He returns to the role of the emotional in anchoring all true art:

This is the emotional thing, you see — you must galvanize people, so they want to be completely alive and live forever, or the next thing to it. And out of that comes art, then, and survival through emotion.

On finding no conflict between religion and science because the mysterious is at the root of both and “ignorance” drives them — something Bradbury had previously explored in his unpublished poetry:

The processes we’re going through are two sides of the same coin, because everything ends in mystery — the scientists have theories, and the theologians have myths, and they are both the same thing, because we end up in ignorance. … We have to think about the unthinkable, which is what religion does and science does, too.

On finding your purpose and avoiding “work” by doing what you love:

[I love my work] intensely — I wouldn’t be in it if I ever stopped loving it, I would shift it and go over into something else. … I don’t think life is worth living unless you’re doing something you love completely, so that you get out of bed in the morning and want to rush to do it. If you’re doing something mediocre, if you’re doing something to fill in time, life really isn’t worth living. … I can’t understand people not living at the top of their emotions constantly, living with their enthusiasms, living with some sense of joy, some sense of creativity — I don’t care how small a level it is. … I don’t care what field it is though, and there’s gotta be a field for everyone, doesn’t there?

A resounding secular “Amen!” to that, Mr. Bradbury, and thank you for everything.

For more of Bradbury’s inimitable mind in conversation, see Listen to the Echoes: The Ray Bradbury Interviews by his official biographer, Sam Weller. Complement with the wonderful 1963 documentary Ray Bradbury: Story of a Writer and the beloved author on space exploration, libraries, and the meaning of life in his lost Comic Con interview, then revisit the collected wisdom of great writers.

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22 AUGUST, 2013

The Social Life of Small Urban Spaces

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“The way people use a place mirrors expectations.”

“Just bring your own contents, and you create a sparkle of the highest power,” Anaïs Nin wrote about the poetics of New York in 1939. But what, exactly, are those contents, and how does a city keep its sparkle?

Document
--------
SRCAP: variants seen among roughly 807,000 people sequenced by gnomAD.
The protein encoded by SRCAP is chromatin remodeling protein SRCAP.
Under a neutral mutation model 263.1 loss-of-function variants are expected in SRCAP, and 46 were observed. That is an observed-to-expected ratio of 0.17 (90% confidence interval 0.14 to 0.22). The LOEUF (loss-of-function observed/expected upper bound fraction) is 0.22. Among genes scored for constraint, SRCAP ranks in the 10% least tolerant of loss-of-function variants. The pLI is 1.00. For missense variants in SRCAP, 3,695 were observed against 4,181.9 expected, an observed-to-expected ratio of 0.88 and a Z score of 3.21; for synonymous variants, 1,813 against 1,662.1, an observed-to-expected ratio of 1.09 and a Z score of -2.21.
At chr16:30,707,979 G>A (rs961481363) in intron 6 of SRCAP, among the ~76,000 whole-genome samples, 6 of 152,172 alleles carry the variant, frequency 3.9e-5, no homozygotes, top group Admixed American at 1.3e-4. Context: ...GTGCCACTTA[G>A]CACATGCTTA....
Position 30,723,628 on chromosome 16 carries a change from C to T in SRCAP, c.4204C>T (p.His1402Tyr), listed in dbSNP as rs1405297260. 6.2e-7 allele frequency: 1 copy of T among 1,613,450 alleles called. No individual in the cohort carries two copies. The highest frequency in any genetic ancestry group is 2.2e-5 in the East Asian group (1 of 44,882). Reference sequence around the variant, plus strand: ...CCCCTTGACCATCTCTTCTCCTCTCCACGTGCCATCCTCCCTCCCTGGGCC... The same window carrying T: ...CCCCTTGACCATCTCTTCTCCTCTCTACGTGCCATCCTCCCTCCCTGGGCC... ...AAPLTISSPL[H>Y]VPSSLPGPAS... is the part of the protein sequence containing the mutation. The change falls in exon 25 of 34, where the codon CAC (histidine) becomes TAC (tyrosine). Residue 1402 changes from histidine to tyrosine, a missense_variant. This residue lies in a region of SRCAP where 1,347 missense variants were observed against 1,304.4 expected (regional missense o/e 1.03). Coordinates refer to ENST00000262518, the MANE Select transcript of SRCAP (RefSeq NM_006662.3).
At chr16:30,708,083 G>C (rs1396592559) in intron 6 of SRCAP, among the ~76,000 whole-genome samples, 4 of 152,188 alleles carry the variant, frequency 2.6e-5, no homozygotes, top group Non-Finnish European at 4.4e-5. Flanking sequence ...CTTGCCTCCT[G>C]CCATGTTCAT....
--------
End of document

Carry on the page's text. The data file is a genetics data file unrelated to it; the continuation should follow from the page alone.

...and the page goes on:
In 1970, legendary urbanist and professional people-watcher William “Holly” Whyte formed a small, revolutionary research group called The Street Life project and began investigating the curious dynamics of urban spaces. At the time, such anthropological observation had been applied to the study of indigenous cultures in far-off exotic locales, but not to our most immediate, most immersive environment: the city, which hides extraordinary miracles of ordinary life, if only we know how to look for them. So Whyte and his team began by looking at New York City’s parks, plazas, and various informal recreational areas like city blocks — a total of 16 plazas, 3 small parks, and “a number of odds and ends” — trying to figure out why some city spaces work for people while others don’t, and what the practical implications might be about living better, more joyful lives in our urban environment. Their findings were eventually collected in The Social Life of Small Urban Spaces (public library) in 1980 and synthesized in a 55-minute companion film, which you can watch below for some remarkably counterintuitive insights on the living fabric of the city.

Far more intriguing than the static characteristics of the architectural landscape, however, are the dynamic human interactions that inhabit them, and the often surprising ways in which they unfold. Whyte writes in the preface:

What has fascinated us most is the behavior of ordinary people on city streets — their rituals in street encounters, for example, the regularity of chance meetings, the tendency to reciprocal gestures in street conferences, the rhythms of the three-phase goodbye.

Whyte’s team went on to investigate everything from the ideal percentage of sitting space on a plaza (between 6% and 10% of the total open space, or one linear foot of sitting space for every thirty square feet of plaza) to the intricate interplay of sun, wind, trees, and water (it’s advantageous to “hoard” the sun and amplify its light in some cases, and to obscure it in others). These factors and many more go into what makes a perfect plaza:

A good plaza starts at the street corner. If it’s a busy corner, it has a brisk social life of its own. People will not just be waiting there for the light to change. Some will be fixed in conversation; others in some phase of a prolonged goodbye. If there’s a vendor at the corner, people will cluster around him, and there will be considerable two-way traffic back and forth between plaza and corner.

[…]